Political agenda
Moraba said pupils “carried posters, sang, danced … the circuit manager was there but he didn’t come to talk to us because he is scared”. He said they were denied permission to picket because “the department doesn’t want to know anything about the school”.

Zani told the M&G that local provincial authorities “have their own political reason” for denying EE and pupils permission to picket. “In my experience this is not how it works. I’ve been in many meetings [before] in Cape Town to organise pickets. These are administrative meetings where you talk logistics so why was Sadtu in the meeting?” he said.

“There were three of us and there were 18 of them. They argued that we shouldn’t be granted permission to picket, but rather sit down and engage with the district. We said it was our right to picket and we had tried to engage with the department before but there had not been positive results. We have used all avenues to try to fix this. I think the provincial department was nervous about how this looks being so close to elections.”

According to EE, the school had grown in size from 349 learners in 2013 to 504 learners in 2014. “This means that more teachers are needed, [but] there are eight vacant substantive educator posts. Out of the 18 subjects taught at Moshesh, only five subjects have been fully reported on in the area of results and plans for improvement … the department has still not provided … support for the acting principal, the school does not have enough textbooks and even though the department has undertaken to renovate the hostel, no real action has been taken,” it said.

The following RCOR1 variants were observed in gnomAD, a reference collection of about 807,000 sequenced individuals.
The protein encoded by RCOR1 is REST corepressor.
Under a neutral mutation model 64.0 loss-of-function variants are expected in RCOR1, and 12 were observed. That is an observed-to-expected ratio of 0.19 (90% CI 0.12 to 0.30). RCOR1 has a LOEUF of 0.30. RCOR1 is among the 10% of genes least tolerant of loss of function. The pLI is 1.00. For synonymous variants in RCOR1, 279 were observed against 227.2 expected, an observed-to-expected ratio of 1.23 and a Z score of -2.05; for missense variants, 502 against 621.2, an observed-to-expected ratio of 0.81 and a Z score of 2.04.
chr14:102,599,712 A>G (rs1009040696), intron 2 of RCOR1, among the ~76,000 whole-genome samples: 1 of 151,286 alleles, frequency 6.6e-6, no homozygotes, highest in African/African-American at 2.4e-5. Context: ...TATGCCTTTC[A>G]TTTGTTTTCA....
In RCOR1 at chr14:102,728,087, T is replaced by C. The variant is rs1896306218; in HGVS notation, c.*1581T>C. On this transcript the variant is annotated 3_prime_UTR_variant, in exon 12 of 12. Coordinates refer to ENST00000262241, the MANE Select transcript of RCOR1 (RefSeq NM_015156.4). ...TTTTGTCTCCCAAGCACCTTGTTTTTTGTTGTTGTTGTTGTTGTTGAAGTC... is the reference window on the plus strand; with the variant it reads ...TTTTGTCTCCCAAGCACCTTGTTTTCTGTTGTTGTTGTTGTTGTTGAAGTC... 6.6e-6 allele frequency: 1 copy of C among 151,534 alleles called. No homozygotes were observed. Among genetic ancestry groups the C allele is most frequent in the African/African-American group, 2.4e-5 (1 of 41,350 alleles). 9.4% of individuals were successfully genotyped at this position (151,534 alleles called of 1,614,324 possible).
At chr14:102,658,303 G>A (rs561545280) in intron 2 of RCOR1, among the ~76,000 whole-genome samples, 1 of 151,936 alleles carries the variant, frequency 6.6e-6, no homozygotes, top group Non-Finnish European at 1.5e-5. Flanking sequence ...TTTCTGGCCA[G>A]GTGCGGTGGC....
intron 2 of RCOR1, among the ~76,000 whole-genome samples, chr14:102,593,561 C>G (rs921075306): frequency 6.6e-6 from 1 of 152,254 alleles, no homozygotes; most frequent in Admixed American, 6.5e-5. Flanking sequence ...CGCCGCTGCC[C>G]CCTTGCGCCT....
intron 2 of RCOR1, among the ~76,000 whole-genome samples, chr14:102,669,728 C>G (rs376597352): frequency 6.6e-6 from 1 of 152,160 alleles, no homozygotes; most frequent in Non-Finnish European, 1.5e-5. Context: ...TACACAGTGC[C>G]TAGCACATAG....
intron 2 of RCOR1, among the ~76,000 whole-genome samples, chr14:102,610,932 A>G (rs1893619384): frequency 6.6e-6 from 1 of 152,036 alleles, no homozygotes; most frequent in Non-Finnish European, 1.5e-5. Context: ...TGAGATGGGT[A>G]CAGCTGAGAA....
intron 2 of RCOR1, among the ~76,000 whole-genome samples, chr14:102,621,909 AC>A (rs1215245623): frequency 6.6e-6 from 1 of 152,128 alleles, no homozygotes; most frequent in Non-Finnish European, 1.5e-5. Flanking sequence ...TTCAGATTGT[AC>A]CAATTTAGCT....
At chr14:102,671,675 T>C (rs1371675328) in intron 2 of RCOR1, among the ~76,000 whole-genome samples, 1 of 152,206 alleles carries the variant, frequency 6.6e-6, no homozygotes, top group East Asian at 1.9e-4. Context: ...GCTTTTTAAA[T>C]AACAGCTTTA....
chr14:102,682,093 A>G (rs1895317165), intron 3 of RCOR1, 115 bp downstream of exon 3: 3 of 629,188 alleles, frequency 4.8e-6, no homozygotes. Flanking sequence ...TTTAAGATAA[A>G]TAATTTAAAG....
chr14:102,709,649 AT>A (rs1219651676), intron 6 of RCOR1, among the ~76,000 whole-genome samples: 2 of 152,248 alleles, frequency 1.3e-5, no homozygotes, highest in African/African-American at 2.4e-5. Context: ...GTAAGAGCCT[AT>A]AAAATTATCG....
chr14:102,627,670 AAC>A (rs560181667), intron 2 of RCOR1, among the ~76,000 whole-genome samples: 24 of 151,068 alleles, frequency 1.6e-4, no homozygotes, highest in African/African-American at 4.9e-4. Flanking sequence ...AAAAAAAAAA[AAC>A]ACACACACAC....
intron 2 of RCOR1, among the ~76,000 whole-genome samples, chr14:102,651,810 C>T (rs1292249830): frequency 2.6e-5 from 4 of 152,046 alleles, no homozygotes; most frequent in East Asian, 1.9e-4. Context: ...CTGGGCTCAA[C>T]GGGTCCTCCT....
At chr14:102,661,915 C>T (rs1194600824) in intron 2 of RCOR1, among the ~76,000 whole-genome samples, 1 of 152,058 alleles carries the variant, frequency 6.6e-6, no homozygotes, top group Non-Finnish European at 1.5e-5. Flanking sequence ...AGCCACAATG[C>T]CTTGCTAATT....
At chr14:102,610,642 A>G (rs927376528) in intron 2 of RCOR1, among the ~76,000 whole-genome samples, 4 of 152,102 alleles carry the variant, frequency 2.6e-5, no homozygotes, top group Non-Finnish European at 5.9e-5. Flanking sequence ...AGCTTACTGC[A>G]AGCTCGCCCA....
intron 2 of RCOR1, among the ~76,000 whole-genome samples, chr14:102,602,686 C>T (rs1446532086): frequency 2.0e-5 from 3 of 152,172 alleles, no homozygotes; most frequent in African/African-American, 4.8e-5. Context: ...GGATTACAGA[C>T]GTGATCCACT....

Departmental spokesperson Loyiso Pulumani told the M&G there were not enough teachers at the school because “no suitable candidates are available to fill [the posts]”. He also said: “The pressure that is exerted by EE has deterred potential candidates that may take up posts in the school, consequently the department is struggling to find suitably qualified educators for this school which has a highly diversified curriculum.”

There were not enough textbooks at the school, he said, because there was an “increase in enrollment [by pupils] … which has not been catered for”.

He acknowledged that the department has not done enough to help the school but then said it “cannot be expected to address all the issues that have been raised by EE within a short space of time, as some of them require a huge budget to address like the provision of [a] hostel and other infrastructural challenges facing the school”.

The Matatiele Local Municipality which arranged the meeting at which permission for the picket was denied, did not respond to the M&G‘s questions at the time of publishing.

Victoria John

Victoria John

Victoria studied journalism, specialising in photojournalism, at Rhodes University from 2004 to 2007. After traveling around the US and a brief stint in the UK she did a year's internship at The Independent on Saturday in Durban. She then worked as a reporter for the South African Press Association for a year before joining the Mail & Guardian as an education reporter in August 2011. Read more from Victoria John

Client Media Releases

Investing in cryptocurrencies
Project ETA at Palletways
Finalists for 2017 GAP Innovation Competition announced
Pragma helps with Shoprite's water-saving initiative